Rethinking the Supreme Court’s Hands-Off Approach to Questions of Religious Practice and Belief
In recent years, the United States Supreme Court has shown an increasing unwillingness to engage in deciding matters that relate to the interpretation of religious practice and belief. While the Justices have articulated valid concerns concerning these cases, courts should not allow these concerns to deter them from making decisions vital to the effective adjudication of Free Exercise and Establishment Clause cases. In fact, it appears that as a result of the Court's increasing refusal to consider carefully the religious questions central to many cases, the Court often tends to group together religious claims and practices, regardless of the relative validity or importance of a particular practice within a religious system. This approach may lead to a number of disturbing results, some of which have already evidenced themselves in Supreme Court decisions in both Free Exercise and Establishment Clause cases. In Free Exercise Clause cases, grouping together all religious claims may require courts to accept and protect to the same degree all claims which appear to have a basis in religious belief. Courts may thus lose the ability to reject claims of relatively minor or even questionable religious significance. In such cases, courts may grant unnecessary and improper protections and exemptions to professed adherents, resulting in potential burdens on the government and society as a whole that could otherwise be avoided. Finally, the various dangers in both Free Exercise and Establishment Clause jurisprudence may be exacerbated by the fact that the Supreme Court has continuously broadened the range of the kinds of religious questions it refuses to consider. If courts continue to evade deciding these religious questions, their approach will perpetuate the unfortunate results that are already evident in a number of Supreme Court decisions. Levine concludes that the Supreme Court should reexamine the results of its Religion Clause jurisprudence, and adopt a willingness to consider more carefully questions of religious practice and belief.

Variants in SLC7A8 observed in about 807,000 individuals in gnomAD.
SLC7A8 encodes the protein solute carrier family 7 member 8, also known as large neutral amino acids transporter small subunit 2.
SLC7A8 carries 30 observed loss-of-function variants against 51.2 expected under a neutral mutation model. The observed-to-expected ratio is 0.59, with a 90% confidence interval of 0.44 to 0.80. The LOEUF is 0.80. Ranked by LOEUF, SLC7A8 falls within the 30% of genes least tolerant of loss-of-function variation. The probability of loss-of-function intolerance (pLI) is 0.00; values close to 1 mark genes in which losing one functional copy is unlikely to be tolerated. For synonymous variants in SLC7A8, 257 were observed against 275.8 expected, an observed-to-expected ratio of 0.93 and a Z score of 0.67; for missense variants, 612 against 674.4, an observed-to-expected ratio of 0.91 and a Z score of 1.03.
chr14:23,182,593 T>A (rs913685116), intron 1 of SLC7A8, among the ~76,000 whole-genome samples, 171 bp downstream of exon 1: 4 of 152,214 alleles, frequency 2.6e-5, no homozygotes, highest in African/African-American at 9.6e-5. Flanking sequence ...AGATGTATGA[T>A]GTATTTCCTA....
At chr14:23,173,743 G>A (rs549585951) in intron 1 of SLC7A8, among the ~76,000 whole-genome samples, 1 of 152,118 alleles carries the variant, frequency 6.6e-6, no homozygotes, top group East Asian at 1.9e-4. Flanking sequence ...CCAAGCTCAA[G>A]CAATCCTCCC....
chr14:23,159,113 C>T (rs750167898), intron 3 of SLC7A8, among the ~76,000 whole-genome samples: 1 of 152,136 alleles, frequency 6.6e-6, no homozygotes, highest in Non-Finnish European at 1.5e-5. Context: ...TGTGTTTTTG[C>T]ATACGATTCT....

25 Fordham Urb. L. J. 85 (1997-1998)